I am a software developer. I make apps.

I have several ideas for Bluetooth-enabled smart devices using basic accessories and peripherals like cameras, speakers/headphones, lights and some external buttons/controls - Like a helmet with front and rear camera, headset/speakers and physical volume/call controls or buttons.

I can code the apps but where do I start with the electronics?

Is it best to just buy a Raspberry Pi kit with all the USB accessories, install android or Linux and code directly against that Pi unit - or is there a simpler way?

Is there anywhere I can find learning or study material to help me?

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    $\begingroup$ Take a look at Arduino (massive support base, like the Pi). Simpler (system-wise) than Pi. There is no OS involved, so less overhead. Depends what you want to do. BTW, this seems a bit of an opinion-based question, as it stands. $\endgroup$ – Greenonline Aug 25 at 10:18
  • $\begingroup$ Welcome to Robotics TaterJuice, but I'm afraid that Life Questions are off-topic. Choosing how to spend your time (books to read, classes to take, projects to construct, career to pursue etc.) may be difficult, but it's specific to you, so unlikely to help future visitors. Questions like this are welcome in Robotics Chat when you have the privilege. We prefer practical, answerable questions based on actual problems that you face, see How to Ask & tour. $\endgroup$ – Chuck Aug 26 at 15:07

To learn electronics (which is pretty much essential), then a copy of The Art of Electronics, by Horowitz and Hill (ISBN: 978-0-521-37095-0), is indispensable.

Nevertheless, on its own, it might not get you up and running as quickly as you like. Also, as you want to build a smart device, you will probably also need a controller of some sort, and you have mentioned the Pi (or Pi kit).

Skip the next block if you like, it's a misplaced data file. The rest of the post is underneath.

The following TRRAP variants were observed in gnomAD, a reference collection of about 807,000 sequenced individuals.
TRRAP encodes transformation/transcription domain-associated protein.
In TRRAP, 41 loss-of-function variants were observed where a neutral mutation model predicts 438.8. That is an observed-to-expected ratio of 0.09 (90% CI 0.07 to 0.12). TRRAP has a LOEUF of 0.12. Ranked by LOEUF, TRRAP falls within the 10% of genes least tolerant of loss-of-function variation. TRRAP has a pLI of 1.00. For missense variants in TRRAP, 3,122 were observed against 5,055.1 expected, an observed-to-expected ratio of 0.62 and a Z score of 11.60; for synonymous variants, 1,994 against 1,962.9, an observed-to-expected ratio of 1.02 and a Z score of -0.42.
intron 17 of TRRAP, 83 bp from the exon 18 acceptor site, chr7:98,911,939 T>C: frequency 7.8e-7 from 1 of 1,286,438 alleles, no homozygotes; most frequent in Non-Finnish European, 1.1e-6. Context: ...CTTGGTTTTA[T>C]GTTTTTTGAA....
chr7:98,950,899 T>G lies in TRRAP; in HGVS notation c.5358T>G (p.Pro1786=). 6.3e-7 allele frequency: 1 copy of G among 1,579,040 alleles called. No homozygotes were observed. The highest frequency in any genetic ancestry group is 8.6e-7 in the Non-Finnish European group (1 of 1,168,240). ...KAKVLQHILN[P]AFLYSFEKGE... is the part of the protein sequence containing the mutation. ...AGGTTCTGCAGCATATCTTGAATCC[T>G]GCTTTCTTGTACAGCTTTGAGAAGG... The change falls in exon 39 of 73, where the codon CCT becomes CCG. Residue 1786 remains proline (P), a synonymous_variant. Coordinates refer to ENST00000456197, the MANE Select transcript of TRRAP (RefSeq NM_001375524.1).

However, as an alternative to the Pi you might want to consider Arduino (or Arduino beginners kit).

Arduino is a lot simpler than Pi, with a lot less over head, code footprint wise. Yes, you can get a Python script running quickly on a Pi, that is true, so the Pi is simpler in that respect.

However, with Arduino, you are coding onto bare-metal, so to speak. You write and compile a "few" lines of code, and upload that to the Arduino, and that is all of the code that you need. Whereas, with Pi, you (usually) end up writing a Linux based application, to run on an OS. So, in that respect, Arduino code can run faster (generally - although some more argue otherwise), as there is no code running for screen updates or keyboard input, and all of the other baggage that comes with a full-blown PC (which is what a Pi is, albeit a rather small one).

Arduino comes with countless libraries so, when it comes to interfacing the Arduino with a particular device, most to the work will be done for you. There's also a lot of ready-to-go examples and projects out there for you to copy or adapt for your own purposes. So, while you will need to, or should, learn electronics (in the end), for a while you may be able to get away without learning/knowing the theory.

That said, I have a few friends (with no electronics training/background), who have tried Arduino, and after trying to run before learning to walk, they have sadly given up. This is because they refused to start off slowly with the excellent basic examples provided and tried to do big projects without any understanding of either C/C++/OOP and/or electronic theory.

You could counter all of the above, with equal arguments for the Pi... It really depends on what you want to do. For simple devices, like wearables, which you seem to refer to, then Arduino would seem to be more sensible, due to the possibility size reduction. For large complex projects, with a lot of data processing, a Pi would be more useful (as the memory (and processing power) on an Arduino is rather limited). Of course, you could use both, with an Arduino monitoring sensors and feeding that data back to the Pi for processing and display on a large monitor.